There is no “one size fits all” to anything about AAC and many individuals will need to use a variety of options (non tech, mid tech, high tech (SGDs, apps on an iPad or iPhone or other tablet or phone), sign language, gestures, facial expressions, vocalizations, segments of videos for gestalts, handwriting, etc…) as part of a multimodal system to support communication across environments and situations.
An AAC app is often part of a successful multimodal AAC system. While there isn’t any “perfect” AAC app there are features in these apps that might make some a better “fit” over other options.
It’s similar to taking a test drive to find a form of transportation that you like and meets your needs at that point in your life. All cars have an engine, tires and seats. Your first car may have been very basic transportation. But think about your dream vehicle. What features would it have? Why would you choose it over a different option? Older individuals might prioritize safety features. A teen or single young adult might prioritize the “look” / how “cool” it is. A family with young children might prioritize how many car seats can fit and storage. Others might prioritize fuel efficiency and eco-friendliness. You might ride a bike, subway, train, take an Uber ride, take a ferry, paddle in a canoe, etc. None of these is necessarily “better” than another or the “best” form of transportation. The “best” option is the one that meets the needs of that individual in that situation.
In order to take AAC on a “test drive”, you need access. If you are an SLP or SLT and have an iPad, you can get access to several robust iOS AAC apps to try out with patients / students / clients.
Here are three FREE handouts with the details on how to get access:
* Symbol-Based AAC Apps: https://bit.ly/SLPsSLTsAccessToAACapps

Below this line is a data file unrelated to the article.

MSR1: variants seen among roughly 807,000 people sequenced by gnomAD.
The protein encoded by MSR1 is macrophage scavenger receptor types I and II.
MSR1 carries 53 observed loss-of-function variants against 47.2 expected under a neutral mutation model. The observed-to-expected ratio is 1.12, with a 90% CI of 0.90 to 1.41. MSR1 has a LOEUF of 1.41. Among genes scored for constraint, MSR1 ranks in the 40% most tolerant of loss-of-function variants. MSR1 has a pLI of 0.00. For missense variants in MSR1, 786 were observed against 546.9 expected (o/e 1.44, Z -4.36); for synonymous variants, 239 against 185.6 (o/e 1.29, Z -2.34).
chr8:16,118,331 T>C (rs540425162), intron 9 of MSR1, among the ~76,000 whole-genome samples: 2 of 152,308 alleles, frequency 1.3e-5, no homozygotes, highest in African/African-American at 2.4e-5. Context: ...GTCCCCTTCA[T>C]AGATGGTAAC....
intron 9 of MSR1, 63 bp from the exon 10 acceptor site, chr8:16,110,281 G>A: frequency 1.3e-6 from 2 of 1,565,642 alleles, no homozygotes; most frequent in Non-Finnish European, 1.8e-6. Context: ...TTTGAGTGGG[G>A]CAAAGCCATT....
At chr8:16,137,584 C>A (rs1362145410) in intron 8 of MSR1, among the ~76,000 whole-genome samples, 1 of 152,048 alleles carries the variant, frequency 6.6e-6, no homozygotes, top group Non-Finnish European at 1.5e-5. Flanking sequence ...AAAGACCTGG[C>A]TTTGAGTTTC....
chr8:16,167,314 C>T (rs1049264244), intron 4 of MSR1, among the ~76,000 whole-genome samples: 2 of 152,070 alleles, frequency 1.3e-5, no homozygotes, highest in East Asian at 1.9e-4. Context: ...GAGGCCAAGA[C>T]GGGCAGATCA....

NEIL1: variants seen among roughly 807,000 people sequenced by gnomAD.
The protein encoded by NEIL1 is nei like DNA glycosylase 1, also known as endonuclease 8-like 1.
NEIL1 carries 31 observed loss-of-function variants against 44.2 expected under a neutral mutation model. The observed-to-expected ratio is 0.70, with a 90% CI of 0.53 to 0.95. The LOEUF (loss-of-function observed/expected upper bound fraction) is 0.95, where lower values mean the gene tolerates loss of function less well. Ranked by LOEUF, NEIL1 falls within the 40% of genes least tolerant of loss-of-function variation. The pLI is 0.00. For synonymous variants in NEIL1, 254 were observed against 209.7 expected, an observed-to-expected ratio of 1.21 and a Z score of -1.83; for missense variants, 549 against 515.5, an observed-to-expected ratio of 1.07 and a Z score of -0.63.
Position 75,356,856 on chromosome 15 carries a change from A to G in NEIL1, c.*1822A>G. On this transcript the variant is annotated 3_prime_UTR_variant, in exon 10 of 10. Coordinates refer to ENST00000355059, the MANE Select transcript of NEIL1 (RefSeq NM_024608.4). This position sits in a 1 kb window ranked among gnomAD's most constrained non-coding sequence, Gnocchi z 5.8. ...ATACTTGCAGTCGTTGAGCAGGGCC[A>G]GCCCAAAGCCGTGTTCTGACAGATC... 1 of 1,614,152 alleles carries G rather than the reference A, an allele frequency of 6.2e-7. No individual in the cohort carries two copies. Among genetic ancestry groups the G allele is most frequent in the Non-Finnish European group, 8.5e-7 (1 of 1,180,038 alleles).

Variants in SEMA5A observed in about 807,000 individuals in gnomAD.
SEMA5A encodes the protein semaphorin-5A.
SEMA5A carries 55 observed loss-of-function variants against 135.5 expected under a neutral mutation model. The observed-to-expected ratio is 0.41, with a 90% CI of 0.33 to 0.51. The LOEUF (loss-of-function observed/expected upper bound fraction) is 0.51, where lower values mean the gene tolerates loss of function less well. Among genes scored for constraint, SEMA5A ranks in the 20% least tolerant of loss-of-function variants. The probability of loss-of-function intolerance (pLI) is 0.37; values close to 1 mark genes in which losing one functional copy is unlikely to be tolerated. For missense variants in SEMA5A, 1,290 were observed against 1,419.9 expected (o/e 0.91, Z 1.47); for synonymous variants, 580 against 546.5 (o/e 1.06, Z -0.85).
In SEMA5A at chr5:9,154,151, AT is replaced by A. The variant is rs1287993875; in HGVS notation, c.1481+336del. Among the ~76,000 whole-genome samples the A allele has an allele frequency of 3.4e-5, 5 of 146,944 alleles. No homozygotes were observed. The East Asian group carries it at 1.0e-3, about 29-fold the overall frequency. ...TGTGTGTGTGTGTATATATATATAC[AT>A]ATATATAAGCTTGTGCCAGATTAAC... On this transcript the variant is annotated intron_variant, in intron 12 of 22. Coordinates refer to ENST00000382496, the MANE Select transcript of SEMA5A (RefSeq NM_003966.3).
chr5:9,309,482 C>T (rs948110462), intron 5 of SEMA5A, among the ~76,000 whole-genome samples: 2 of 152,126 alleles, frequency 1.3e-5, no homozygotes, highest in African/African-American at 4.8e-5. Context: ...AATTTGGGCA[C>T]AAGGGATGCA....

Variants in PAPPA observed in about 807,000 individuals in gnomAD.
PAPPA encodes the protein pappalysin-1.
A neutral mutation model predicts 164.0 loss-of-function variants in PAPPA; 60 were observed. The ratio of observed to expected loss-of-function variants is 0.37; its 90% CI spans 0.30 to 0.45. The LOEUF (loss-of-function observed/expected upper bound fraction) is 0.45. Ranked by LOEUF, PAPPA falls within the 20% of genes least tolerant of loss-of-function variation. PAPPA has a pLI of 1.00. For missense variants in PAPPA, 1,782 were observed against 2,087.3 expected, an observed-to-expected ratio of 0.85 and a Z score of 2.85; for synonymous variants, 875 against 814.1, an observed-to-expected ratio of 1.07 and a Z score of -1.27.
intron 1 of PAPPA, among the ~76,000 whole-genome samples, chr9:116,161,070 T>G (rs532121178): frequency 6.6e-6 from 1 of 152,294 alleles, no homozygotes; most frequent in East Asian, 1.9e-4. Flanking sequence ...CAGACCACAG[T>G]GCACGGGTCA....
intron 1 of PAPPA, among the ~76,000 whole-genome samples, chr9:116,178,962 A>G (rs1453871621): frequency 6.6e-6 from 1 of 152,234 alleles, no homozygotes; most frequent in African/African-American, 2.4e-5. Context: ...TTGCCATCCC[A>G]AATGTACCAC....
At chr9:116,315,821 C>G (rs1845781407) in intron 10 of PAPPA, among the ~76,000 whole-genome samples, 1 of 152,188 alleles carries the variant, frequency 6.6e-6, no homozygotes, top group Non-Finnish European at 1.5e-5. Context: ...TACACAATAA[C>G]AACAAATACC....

* Text-Based AAC Apps: https://bit.ly/3Bqtnmn
* Visual Scene AAC Apps: https://bit.ly/3wTGBI4
* When available, please try the free version/free trial to take a look at an app before requesting an app code. App codes are limited and are intended for SLPs who do AAC evals frequently and need quick ongoing access during evaluations, feature matching & trial of options.
* The official process for requesting a code was verified for inclusion in each of these handouts and the feature matching charts.
* These app codes are typically NOT compatible with a mobile device management also known as a MDM-managed device. They require a standard non-managed Apple ID.
* Most app developers will ask for info regarding your role in AAC evals, how many you do in a year, where you are located, type of setting you work in, etc. to substantiate the need. It is likely that those working in a non-profit setting or school or specific geographic areas may be prioritized. App developers receive a very limited number of codes per app release or update so there will likely be waiting lists.
* Codes do expire so please make sure to redeem it immediately so it’s not wasted.
* When needing switch scanning as a method of access, be sure to also consider traditional SGDs that have built in switch ports that will likely provide a more reliable means of access. When exploring switch access on an iPad, it is important to try out any options (switches, switch interface, iOS Accessibility) being considered to insure that they will work for that particular user and within that particular AAC app. Seating, positioning and identification of the best type of switches and optimal switch sites are crucial for AAC users to be successful with this method of access. Please collaborate with that user’s PT, OT and/or AT specialist.
For those who only have an occasional need, please consider alternative means of trying that app:
* Some companies offer iOS-based SGDs that could be borrowed by contacting your local vendor rep for that company.
* Other companies that sell fundable iOS-based devices may also offer a short term loaner.
* Another option in the USA is to contact your state’s AT Lending Program. They will likely have iPads with AAC apps available for short term loan.
Want in-depth up to date info about the features in these apps? Check out “Three Feature Matching Resources for AAC Apps (comparing features in AAC apps)”: https://bit.ly/3aacFeatureMatchingResources. The chart for symbol-based AAC apps includes a free supplemental handout “Unique Features in Symbol-Based AAC Apps to Support Gestalt Language Processors”.
Have a question? The best way to reach me is via Facebook messaging over on my OMazing Kids page: https://www.facebook.com/OMazingKidsAAC/
Angela Moorad, MS, CCC-SLP, Founder of OMazing Kids, LLC, OMazing Kids AAC Consulting
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